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Toronto Police Chief Bill Blair attends an editorial board meeting at the Globe and Mail to discuss the recent spate of gun crime in the city, July 31, 2012. (Galit Rodan/The Globe and Mail)Galit Rodan/The Globe and Mail

Two weeks after Toronto was shaken by the largest mass shooting in its history, Police Chief Bill Blair sees the gang violence at its root not as one neighbourhood's problem but a social issue that demands solutions from Toronto's business and community leaders.

In a wide-ranging interview with The Globe and Mail Tuesday, Chief Blair said police keep track of people involved in or associated with gangs – roughly 2,100 – and of those about 500 or 600 are considered "really violent."

The long-term solution, he said, involves preventing these mostly young men from so-called priority neighbourhoods from going down this road by interceding in their lives when they are much younger. That involves continuing to provide opportunities, including employment, but first requires learning "more about these kids and find out where we lost them."

"By the time you go, with a 14- or 15-year-old, and try to get them into a program and play basketball, some of these young guys are so completely lost to us that they represent such a significant danger, all we can do is protect everyone from them," Chief Blair said.

He said the police force employs about 150 teenagers from priority neighbourhoods each summer, a total of about 1,000 people over the years. While these kids aren't the ones likely to get in trouble – their progress is tracked after the program and only one participant has been criminally charged – Chief Blair said it's about police outreach to these communities.

He said he's now working with the province to get employers from Toronto's business community to accept kids from these neighbourhoods into their ranks for summer employment.

In order to reach kids earlier, Toronto will be piloting a program created in Prince Albert, Sask. The program tries to better co-ordinate policing and social services to intervene early on when risk factors – including domestic violence, alcoholism and abuse – are identified in a child's life.

He hopes that intervening in this way will eventually halt the kind of violence that Toronto has witnessed this year – gunfire erupting on a Saturday in a food court at the Eaton Centre, a fatal shooting at a Little Italy café and most recently the shooting a fortnight ago on Danzig Street in Scarborough, where 23 were injured and two were killed at a block party.

Chief Blair said gang and criminal culture has changed in the city, which was witnessed in 2005 with the Boxing Day shooting of Jane Creba on Yonge Street.

"It's not a particularly recent phenomenon because we've seen it in other incidents," he said. "[It's] a depraved indifference, there doesn't seem to be any consideration to the innocents who are present, even children."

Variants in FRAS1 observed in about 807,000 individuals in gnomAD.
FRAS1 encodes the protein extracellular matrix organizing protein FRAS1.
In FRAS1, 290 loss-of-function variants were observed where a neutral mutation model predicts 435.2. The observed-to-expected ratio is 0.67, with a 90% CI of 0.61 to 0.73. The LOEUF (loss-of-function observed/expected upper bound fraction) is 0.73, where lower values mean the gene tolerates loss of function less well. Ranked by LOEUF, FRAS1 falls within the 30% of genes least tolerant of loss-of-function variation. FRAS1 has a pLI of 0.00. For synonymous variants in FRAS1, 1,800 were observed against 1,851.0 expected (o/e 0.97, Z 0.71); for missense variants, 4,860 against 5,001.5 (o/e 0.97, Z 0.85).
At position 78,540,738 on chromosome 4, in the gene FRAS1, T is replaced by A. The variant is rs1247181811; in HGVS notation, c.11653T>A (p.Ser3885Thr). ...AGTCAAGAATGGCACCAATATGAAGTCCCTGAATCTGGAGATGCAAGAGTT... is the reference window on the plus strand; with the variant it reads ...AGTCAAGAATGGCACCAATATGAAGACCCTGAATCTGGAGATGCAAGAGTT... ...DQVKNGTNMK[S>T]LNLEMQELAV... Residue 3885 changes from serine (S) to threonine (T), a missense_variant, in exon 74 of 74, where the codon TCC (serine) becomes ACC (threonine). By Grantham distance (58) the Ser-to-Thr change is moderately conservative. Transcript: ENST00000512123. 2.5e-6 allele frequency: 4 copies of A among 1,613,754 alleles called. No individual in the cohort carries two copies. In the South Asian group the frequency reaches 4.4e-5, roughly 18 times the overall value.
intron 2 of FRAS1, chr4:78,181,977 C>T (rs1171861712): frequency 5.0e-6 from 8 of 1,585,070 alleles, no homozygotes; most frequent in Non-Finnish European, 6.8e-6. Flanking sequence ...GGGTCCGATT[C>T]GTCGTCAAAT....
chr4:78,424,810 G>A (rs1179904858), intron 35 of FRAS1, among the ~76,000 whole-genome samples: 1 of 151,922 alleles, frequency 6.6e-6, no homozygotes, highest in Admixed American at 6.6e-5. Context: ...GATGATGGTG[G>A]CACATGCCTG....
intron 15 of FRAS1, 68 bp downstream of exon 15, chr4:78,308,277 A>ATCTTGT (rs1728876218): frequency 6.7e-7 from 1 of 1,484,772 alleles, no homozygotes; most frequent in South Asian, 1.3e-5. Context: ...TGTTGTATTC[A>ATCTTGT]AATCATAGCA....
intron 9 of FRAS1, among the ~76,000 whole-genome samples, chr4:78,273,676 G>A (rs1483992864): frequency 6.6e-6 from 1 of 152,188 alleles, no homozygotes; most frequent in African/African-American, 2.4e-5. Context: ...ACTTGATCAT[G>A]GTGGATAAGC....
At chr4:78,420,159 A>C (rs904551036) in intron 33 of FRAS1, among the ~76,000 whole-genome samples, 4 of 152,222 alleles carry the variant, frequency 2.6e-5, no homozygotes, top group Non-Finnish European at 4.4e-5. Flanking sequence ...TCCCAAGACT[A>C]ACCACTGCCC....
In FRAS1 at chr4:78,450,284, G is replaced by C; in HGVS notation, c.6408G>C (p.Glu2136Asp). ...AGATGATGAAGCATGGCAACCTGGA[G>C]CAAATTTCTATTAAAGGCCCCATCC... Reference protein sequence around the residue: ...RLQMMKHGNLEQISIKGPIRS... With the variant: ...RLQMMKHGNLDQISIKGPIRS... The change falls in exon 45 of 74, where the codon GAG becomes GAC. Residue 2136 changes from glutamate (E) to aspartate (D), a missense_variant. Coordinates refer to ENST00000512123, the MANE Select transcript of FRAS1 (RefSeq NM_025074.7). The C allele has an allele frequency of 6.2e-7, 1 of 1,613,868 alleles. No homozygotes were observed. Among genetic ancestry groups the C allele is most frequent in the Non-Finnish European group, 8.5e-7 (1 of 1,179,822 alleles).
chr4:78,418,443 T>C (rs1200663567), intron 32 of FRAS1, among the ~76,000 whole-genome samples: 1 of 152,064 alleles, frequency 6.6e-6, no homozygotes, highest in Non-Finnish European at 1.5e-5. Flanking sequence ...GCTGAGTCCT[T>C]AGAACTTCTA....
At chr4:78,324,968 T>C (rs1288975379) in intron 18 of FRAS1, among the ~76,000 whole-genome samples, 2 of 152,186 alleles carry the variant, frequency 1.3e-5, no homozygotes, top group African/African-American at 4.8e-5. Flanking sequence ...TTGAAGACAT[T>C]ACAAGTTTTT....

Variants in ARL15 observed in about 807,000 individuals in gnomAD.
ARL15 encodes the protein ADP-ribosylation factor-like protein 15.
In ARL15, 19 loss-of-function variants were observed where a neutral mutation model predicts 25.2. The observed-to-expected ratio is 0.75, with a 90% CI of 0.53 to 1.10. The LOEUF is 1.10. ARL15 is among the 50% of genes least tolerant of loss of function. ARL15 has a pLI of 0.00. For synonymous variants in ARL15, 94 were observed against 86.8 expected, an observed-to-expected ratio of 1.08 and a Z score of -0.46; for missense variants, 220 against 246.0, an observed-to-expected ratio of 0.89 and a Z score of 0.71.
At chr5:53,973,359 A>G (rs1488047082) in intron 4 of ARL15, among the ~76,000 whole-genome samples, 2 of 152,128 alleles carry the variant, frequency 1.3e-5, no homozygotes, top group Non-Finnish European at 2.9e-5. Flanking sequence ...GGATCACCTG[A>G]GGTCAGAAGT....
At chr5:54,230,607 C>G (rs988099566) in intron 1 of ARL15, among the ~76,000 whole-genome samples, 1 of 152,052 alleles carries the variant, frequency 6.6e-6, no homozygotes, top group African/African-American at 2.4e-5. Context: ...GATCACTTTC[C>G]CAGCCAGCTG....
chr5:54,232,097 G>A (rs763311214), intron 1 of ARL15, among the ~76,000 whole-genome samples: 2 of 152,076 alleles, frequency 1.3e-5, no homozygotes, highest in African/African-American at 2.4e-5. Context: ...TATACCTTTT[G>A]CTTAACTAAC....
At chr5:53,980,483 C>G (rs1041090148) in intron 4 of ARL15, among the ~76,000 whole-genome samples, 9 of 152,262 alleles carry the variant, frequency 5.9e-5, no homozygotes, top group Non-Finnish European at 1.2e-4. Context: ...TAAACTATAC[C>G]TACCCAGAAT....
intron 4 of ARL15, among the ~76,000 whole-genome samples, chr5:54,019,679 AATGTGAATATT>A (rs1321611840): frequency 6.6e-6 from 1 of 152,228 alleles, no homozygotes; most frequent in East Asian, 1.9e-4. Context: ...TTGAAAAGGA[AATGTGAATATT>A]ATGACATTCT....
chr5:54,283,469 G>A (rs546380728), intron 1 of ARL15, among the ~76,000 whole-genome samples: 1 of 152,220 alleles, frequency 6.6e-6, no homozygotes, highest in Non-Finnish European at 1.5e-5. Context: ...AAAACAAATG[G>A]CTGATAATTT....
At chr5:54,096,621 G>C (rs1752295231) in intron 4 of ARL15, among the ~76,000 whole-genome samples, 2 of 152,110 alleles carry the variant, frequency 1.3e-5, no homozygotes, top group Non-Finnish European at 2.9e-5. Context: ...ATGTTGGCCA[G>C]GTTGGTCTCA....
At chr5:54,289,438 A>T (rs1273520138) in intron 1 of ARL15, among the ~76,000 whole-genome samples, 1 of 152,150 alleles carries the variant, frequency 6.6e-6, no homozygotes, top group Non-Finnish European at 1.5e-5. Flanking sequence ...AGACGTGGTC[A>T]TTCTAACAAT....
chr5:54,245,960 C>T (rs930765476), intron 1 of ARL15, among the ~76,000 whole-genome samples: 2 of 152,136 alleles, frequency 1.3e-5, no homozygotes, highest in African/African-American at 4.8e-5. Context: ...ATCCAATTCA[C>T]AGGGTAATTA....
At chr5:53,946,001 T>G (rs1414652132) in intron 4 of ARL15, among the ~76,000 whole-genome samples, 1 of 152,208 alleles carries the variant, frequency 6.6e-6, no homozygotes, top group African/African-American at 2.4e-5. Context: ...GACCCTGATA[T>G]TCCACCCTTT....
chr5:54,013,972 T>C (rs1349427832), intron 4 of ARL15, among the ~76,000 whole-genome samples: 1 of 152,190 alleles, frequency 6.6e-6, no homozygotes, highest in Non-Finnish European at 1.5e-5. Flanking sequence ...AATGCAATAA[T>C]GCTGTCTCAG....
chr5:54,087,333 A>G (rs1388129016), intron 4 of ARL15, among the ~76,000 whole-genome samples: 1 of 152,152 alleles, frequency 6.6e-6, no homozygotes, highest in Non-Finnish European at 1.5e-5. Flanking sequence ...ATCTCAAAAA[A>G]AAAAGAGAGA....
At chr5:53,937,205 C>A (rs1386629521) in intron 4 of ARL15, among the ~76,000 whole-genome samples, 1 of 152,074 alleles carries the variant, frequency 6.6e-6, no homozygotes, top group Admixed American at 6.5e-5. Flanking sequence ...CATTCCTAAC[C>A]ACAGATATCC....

He said he's been discussing within the force the desire some young gang members have to be recognized, something that's fuelled by a rise in social media, where gang members are posting videos and photos as well as challenging each other.

"What we often find, we too often find, is some very young people who will be trying to establish a reputation, they seek to be notorious," he said.

This is coupled, he said, with police seeing more powerful weapons and higher-capacity magazines in Canada. He said 20 years ago, pistols with six rounds were the norm, but police are now seeing more semi-automatics.

"When there's a lot more bullets in play the risk goes up," Chief Blair said, adding that there "were some 22 rounds fired at Danzig, for example."

On Danzig Street and across Toronto, Chief Blair said police are trying to increase a positive presence, which includes encouraging people to come forward with tips. Toronto, unlike some American and Canadian cities, has neighbourhoods where people are out 24 hours a day – and he hopes to preserve that by beefing up the police presence to make them feel safe.

"If people become fearful of public space, the impact can be enormous," he said. "It begets firearms and it creates an atmosphere where criminality can thrive, and so one of the things we defend here is public space."

Investigators said in the days after the Danzig shooting that they were getting little help from people who were at the party. "In gang violence, I think fear is the most significant factor at play," Chief Blair said. "People are afraid to come forward and we understand that."

It's part of the reason a compulsory overtime program has been put in place for August, which will see more police on the streets starting with the Scotiabank Caribbean Carnival Toronto this month and then an extra daily average of 328 officers in high-crime areas.

Chief Blair said that when he talked with Premier Dalton McGuinty last week, he did not ask for extra funding, adding he would make do with his existing resources.

He said the Danzig investigation is progressing and tips are starting to come in. "We're making progress on that case, fairly significant progress and these things need to be done right," he said.